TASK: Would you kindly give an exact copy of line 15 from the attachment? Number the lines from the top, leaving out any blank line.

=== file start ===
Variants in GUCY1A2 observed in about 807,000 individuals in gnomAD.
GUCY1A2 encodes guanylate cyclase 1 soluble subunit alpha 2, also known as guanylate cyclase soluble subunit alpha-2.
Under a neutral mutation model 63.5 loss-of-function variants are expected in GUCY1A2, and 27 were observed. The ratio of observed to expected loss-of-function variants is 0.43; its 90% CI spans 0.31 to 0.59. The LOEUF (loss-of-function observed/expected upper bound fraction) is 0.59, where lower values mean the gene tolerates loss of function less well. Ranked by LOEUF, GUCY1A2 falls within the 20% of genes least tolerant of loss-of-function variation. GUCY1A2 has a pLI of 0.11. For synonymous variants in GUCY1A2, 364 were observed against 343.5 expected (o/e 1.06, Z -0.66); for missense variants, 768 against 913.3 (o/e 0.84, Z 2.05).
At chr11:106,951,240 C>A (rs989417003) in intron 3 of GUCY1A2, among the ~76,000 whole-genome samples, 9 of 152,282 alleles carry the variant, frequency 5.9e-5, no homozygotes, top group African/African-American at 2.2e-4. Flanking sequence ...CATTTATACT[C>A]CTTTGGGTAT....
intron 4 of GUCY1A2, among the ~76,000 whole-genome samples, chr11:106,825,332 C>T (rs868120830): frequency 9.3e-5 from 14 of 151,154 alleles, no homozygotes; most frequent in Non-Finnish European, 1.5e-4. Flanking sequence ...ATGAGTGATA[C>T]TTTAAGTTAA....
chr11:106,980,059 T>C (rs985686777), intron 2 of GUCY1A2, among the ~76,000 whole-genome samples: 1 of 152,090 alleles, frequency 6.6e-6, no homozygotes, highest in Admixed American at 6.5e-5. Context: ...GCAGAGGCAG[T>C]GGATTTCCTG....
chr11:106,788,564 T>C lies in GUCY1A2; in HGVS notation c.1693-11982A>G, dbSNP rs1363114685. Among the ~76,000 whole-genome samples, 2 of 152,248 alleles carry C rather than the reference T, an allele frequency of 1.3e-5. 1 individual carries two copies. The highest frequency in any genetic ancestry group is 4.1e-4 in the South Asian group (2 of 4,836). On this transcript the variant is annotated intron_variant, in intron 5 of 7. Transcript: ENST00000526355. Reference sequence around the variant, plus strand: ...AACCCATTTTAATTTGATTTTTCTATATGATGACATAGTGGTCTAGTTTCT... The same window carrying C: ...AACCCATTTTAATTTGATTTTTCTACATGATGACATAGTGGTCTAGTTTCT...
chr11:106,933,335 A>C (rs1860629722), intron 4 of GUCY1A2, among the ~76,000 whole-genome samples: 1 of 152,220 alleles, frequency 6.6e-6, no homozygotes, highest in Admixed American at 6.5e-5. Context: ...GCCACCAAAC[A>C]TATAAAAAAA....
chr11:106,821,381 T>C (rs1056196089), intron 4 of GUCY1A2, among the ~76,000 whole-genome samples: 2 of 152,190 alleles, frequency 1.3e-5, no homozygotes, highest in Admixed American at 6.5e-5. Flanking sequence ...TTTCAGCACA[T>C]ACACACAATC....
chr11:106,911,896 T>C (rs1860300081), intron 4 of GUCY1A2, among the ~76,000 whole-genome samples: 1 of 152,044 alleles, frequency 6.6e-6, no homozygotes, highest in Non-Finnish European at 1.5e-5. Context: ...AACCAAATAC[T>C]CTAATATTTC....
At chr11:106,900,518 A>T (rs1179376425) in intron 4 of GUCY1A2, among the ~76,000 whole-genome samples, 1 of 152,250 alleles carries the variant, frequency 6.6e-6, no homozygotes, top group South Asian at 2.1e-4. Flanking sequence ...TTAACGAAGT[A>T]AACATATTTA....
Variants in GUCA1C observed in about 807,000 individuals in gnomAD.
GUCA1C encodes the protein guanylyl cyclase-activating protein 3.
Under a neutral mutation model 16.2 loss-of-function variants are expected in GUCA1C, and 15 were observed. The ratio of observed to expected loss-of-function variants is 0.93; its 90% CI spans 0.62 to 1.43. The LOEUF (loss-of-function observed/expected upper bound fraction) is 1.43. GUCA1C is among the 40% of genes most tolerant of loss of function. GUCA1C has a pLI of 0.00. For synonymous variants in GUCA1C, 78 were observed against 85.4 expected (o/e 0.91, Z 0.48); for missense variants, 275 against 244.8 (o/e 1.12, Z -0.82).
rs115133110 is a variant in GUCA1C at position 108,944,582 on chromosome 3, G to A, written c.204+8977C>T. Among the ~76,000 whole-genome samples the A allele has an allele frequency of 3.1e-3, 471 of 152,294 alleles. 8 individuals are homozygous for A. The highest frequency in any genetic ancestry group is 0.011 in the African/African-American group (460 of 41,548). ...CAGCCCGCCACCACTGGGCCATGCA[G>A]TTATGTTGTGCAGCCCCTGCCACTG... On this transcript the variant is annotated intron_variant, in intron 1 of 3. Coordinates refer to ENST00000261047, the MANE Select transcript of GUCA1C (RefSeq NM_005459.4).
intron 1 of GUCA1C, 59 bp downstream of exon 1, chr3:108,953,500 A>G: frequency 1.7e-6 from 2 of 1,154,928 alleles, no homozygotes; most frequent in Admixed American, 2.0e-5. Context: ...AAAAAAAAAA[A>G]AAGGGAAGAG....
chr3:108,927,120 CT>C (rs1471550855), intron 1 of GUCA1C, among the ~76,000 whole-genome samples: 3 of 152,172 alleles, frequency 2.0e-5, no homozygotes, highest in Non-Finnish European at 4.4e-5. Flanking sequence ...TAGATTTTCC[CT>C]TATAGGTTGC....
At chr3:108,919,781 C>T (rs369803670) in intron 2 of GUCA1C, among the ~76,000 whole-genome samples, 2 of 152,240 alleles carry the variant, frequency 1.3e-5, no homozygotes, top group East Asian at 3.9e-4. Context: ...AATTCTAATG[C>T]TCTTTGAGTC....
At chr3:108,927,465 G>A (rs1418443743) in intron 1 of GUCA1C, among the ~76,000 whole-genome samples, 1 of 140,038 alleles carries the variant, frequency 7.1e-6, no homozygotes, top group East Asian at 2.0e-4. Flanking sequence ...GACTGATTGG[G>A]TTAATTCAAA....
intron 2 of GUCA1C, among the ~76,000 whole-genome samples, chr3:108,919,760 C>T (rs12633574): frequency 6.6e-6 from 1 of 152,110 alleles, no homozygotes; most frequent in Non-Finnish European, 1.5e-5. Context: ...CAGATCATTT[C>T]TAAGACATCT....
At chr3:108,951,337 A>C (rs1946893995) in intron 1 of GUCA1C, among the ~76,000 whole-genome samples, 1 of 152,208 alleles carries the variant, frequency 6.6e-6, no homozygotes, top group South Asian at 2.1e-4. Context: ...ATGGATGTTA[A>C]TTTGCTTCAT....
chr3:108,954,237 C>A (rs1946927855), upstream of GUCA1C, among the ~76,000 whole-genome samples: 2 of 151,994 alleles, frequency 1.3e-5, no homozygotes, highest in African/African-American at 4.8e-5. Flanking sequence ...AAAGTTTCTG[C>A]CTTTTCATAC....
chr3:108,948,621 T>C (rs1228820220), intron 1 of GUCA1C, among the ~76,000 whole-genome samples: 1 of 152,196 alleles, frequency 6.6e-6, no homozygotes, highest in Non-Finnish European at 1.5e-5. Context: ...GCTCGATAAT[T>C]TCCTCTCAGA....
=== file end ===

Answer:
rs115133110 is a variant in GUCA1C at position 108,944,582 on chromosome 3, G to A, written c.204+8977C>T. Among the ~76,000 whole-genome samples the A allele has an allele frequency of 3.1e-3, 471 of 152,294 alleles. 8 individuals are homozygous for A. The highest frequency in any genetic ancestry group is 0.011 in the African/African-American group (460 of 41,548). ...CAGCCCGCCACCACTGGGCCATGCA[G>A]TTATGTTGTGCAGCCCCTGCCACTG... On this transcript the variant is annotated intron_variant, in intron 1 of 3. Coordinates refer to ENST00000261047, the MANE Select transcript of GUCA1C (RefSeq NM_005459.4).